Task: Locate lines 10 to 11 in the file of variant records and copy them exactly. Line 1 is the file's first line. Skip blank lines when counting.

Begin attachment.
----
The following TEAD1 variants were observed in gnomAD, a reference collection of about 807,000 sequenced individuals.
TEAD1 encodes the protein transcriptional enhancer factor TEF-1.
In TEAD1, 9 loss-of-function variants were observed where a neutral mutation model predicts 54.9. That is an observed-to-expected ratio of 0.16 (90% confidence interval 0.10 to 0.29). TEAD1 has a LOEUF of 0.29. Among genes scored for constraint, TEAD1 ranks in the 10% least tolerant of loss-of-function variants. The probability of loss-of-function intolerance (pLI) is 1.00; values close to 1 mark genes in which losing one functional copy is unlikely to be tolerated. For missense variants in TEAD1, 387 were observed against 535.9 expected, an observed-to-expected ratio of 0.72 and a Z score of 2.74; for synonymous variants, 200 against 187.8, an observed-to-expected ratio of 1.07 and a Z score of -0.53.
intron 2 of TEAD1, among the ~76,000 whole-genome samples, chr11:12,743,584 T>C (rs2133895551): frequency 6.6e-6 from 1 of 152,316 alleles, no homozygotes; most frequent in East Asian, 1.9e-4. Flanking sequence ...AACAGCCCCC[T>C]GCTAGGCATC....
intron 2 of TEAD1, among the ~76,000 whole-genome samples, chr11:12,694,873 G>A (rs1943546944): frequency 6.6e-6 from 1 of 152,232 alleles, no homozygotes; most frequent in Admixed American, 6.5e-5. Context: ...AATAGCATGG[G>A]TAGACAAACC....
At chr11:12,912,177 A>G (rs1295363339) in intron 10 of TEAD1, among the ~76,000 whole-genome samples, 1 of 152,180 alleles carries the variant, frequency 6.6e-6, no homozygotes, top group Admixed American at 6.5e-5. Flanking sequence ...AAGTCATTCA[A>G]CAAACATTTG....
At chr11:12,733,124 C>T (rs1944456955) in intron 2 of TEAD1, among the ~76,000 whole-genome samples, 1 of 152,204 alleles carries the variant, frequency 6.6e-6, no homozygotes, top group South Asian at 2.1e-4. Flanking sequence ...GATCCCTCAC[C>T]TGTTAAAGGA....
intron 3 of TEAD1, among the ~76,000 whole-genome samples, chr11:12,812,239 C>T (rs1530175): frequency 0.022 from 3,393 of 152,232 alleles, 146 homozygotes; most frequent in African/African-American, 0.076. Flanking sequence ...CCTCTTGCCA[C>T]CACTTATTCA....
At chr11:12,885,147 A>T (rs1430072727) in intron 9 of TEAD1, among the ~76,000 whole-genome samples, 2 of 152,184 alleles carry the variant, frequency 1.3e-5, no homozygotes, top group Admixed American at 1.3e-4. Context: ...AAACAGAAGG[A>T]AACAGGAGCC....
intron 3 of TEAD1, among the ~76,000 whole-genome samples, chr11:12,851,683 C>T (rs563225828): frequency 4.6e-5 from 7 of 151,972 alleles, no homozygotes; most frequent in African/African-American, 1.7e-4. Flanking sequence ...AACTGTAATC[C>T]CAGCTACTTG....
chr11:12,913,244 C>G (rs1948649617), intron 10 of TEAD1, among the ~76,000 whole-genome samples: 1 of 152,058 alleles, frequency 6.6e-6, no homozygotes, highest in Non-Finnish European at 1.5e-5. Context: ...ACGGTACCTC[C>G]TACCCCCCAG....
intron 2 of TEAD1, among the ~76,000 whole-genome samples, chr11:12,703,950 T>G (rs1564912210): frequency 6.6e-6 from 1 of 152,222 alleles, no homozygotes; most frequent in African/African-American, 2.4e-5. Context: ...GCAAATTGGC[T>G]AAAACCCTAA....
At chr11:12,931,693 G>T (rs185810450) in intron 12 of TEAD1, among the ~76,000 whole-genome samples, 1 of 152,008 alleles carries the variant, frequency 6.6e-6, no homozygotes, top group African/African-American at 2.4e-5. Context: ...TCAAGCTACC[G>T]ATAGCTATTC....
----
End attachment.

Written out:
intron 3 of TEAD1, among the ~76,000 whole-genome samples, chr11:12,851,683 C>T (rs563225828): frequency 4.6e-5 from 7 of 151,972 alleles, no homozygotes; most frequent in African/African-American, 1.7e-4. Flanking sequence ...AACTGTAATC[C>T]CAGCTACTTG....
chr11:12,913,244 C>G (rs1948649617), intron 10 of TEAD1, among the ~76,000 whole-genome samples: 1 of 152,058 alleles, frequency 6.6e-6, no homozygotes, highest in Non-Finnish European at 1.5e-5. Context: ...ACGGTACCTC[C>G]TACCCCCCAG....